Trafalgar Studios, London (****)

© Oliver Rosser, James Cartwright (Shane)

© Oliver Rosser, James Cartwright (Shane)

As of old, Jim Cartwright’s Raz packs a punch. `Out on the raz’, `getting hammered’, `Friday night is binge night’, they certainly know how to do it `up North’ if Cartwright’s racey homage to an end-of-week night out is anything to go by.

Mind you, I was completely fooled to begin with. Photo on the front of the programme of muscular chap, bare broad shoulders and elite sun ‘specs had me thinking, it’s that Mark Foster or Ian Thorpe. It’s going to be about swimming.

Nah. Wrong. That’s just our Shane, `tanning’ up, preparing for blast off.

Cartwright of course was the Bolton reared writer who stole the show in 1986 with Road, that rolling, raging epitaph to Thatcher’s unemployed Britain who’s gone on to become a multi-award winning playwright in all spheres.

Thirty years on, Road wouldn’t look that out of place now. A lethally sad state of the nation portrait of then, in a strange complementary way, Raz similarly describes Britain now, a place of lost youth, mis-spending their evenings geting high on alcohol and drugs because `they’ve nothing else to do’. Unemployment still stalks the land up North, more even than down here in the spoilt South.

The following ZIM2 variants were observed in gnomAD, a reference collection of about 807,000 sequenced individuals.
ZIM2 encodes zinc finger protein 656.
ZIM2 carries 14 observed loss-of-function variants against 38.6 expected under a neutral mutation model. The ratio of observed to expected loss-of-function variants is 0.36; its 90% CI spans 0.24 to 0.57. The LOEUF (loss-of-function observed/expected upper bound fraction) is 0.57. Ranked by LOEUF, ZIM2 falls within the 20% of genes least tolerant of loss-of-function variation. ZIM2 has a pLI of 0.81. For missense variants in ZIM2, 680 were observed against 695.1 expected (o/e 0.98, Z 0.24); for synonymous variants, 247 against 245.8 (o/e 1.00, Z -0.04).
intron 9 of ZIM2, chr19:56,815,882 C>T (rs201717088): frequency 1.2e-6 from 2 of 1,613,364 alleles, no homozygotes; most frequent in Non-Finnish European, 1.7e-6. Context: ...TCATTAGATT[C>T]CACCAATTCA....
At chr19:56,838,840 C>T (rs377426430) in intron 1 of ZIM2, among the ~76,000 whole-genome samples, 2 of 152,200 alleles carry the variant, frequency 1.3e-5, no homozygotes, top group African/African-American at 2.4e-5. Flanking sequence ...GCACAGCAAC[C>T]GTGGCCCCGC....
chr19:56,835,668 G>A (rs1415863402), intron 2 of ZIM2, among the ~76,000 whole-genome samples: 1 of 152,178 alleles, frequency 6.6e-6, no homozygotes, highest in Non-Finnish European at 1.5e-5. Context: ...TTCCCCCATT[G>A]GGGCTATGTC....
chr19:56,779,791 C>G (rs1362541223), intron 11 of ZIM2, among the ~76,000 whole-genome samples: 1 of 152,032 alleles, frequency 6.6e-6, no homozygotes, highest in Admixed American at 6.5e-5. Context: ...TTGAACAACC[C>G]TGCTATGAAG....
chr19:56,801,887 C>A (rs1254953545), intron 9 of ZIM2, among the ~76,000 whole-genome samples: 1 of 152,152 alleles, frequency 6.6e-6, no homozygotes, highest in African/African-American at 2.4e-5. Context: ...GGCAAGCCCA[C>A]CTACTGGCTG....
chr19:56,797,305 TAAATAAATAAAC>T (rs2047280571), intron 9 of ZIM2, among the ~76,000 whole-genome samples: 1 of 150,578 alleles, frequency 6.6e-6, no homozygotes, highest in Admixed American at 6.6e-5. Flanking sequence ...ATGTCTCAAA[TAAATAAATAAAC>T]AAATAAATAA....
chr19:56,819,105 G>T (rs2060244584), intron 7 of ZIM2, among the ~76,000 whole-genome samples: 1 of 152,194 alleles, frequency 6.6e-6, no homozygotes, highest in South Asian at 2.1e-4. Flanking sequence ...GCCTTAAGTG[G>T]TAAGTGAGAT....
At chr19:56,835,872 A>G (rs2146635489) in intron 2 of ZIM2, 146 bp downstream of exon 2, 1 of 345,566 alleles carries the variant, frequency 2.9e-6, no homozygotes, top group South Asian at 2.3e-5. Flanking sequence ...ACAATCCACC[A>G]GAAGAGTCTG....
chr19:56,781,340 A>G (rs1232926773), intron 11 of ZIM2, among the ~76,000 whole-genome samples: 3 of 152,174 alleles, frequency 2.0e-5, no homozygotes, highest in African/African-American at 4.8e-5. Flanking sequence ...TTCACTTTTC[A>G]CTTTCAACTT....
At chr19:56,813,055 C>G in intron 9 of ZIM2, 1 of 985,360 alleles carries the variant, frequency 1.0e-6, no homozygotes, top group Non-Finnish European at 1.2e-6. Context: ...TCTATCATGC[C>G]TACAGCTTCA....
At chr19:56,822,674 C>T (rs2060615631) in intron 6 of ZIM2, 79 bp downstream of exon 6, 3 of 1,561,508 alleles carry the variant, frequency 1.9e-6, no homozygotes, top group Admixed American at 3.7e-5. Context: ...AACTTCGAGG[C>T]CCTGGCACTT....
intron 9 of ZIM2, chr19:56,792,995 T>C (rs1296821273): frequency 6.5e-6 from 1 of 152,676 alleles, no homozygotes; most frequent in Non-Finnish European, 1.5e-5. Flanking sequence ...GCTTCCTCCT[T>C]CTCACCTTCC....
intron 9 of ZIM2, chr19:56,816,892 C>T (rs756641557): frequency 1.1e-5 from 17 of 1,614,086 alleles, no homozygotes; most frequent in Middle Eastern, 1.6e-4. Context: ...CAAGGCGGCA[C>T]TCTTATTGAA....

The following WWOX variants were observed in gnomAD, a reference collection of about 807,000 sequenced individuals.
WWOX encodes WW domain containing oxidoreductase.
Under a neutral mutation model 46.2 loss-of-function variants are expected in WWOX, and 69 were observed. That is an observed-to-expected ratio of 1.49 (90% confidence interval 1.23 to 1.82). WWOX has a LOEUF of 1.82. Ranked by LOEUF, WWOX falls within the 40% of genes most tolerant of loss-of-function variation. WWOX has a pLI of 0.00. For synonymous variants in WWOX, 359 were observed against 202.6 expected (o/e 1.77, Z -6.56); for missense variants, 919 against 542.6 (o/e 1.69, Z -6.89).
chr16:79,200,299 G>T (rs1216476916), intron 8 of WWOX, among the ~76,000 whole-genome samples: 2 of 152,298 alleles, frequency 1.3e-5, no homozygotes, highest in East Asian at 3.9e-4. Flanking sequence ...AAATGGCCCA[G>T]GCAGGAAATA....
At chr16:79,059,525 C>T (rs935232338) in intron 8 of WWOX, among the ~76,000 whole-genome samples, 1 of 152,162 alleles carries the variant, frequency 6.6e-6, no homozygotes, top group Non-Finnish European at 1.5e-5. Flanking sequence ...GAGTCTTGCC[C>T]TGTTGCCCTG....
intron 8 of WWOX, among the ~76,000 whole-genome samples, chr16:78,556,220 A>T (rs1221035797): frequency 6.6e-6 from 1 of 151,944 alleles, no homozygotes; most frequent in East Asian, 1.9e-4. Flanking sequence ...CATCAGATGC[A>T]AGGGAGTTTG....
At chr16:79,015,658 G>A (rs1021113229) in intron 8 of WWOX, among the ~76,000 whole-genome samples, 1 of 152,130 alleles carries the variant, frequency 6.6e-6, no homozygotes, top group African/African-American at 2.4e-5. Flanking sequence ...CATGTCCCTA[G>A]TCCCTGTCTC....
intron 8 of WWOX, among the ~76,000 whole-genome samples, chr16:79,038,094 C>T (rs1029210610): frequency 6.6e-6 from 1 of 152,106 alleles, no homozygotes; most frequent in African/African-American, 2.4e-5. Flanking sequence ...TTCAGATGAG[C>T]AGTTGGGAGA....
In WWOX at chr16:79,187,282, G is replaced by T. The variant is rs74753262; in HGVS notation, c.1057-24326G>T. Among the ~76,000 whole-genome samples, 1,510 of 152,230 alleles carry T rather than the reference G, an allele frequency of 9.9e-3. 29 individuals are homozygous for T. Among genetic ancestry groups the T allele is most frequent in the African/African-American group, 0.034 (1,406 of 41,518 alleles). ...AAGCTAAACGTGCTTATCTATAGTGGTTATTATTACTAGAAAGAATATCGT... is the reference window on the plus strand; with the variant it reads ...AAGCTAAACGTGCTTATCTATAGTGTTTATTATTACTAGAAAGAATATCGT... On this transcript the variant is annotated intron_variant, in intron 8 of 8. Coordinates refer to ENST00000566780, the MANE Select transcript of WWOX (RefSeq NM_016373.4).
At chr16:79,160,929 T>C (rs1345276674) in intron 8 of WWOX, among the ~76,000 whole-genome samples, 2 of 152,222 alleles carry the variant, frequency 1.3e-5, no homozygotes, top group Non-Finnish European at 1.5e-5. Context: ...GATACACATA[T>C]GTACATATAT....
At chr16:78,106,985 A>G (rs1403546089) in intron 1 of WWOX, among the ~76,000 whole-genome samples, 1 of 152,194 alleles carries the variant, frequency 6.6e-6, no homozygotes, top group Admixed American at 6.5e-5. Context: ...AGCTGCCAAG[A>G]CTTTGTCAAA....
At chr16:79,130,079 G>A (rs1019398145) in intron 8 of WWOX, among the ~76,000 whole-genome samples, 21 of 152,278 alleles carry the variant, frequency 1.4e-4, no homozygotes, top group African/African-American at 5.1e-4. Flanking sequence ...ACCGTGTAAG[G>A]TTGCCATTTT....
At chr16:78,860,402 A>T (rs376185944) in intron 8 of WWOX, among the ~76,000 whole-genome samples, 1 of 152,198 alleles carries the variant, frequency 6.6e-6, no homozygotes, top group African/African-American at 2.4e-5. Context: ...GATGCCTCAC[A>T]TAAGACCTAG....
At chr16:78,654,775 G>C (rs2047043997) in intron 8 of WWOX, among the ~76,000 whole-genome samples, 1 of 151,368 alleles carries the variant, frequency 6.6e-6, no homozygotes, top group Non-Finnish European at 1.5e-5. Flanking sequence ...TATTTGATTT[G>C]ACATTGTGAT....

&copy, Oliver Rosser, James Cartwright (Shane)

&copy, Oliver Rosser,
James Cartwright (Shane)

And as a writer, Cartwright has moved on, his politics cleverly disguised inside a bravura narration of the evening by one Shane (Cartwright’s son James, award-winning tv regular and PC Burns in The Archers). Cartwright senior’s true colours only begin to sneak out towards the end.

A lament in all its gross, puke-levelled, psychedelic and grubby sex detail stunningly delivered as a multi-hued, hugely entertaining hour’s long solo, at the end, in the early hours, Shane climbs the hill and looks down on his town – and weeps.

Inevitably, in style, richness and timbre of language, its Edinburgh premiere has already drawn parallels with Under Milk Wood and Clockwork Orange. To that you might add Trainspotting and Jez Butterworth’s Jerusalem, so livid the writing matched by Cartwright’s gyrating, mesmerising performance.

And indeed, there is something almost old fashioned about its northern braggadocio stereotyping.

Can’t help loving it, all the same. Cartwright right back on blistering form.

Raz runs at Trafalgar Studios to April 16, 2016

Review first published in Reviewsgate, March 2016

By Jim Cartwright


James Cartwright

Director: Anthony Banks
Lighting Designer: Joshua Carr
Sound Designers and Composers: Ben and Max Ringham
Associate Sound Designer: Sarah Weltman

Presented by Assembly Festival and Riverside Studios

World premiere of Raz, Aug 6, 2015 at Assembly Festival, part of the Edinburgh Festival Fringe.

First perf at Trafalgar Studios, London, March 22, 2016;

After London run, then travels to The Lowry, Salford, Mon 16 May;
Stephen Joseph Theatre, Scarborough and Scarborough Fair Festival, Sat 28 & Sun 29 May; Assembly Roxy, Edinburgh, Wed 1 – Fri 3 Jun; Unity Theatre, Liverpool, Fri 10 & Sat 11 Jun; Theatre Royal, Wakefield, Mon 13 & Tue 14 Jun.